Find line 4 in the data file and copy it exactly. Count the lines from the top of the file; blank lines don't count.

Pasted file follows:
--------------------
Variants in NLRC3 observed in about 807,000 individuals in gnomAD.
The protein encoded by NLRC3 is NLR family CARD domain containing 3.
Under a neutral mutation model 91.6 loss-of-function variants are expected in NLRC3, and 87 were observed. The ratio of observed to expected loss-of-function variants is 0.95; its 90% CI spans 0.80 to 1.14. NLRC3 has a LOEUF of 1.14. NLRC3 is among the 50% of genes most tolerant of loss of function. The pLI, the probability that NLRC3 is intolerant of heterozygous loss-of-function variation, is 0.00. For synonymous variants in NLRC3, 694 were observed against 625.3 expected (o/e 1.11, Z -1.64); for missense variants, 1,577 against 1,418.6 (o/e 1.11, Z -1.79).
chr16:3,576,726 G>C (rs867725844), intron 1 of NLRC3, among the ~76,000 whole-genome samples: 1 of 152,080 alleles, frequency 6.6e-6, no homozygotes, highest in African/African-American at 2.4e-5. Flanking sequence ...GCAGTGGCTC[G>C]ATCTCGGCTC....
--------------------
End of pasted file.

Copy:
chr16:3,576,726 G>C (rs867725844), intron 1 of NLRC3, among the ~76,000 whole-genome samples: 1 of 152,080 alleles, frequency 6.6e-6, no homozygotes, highest in African/African-American at 2.4e-5. Flanking sequence ...GCAGTGGCTC[G>C]ATCTCGGCTC....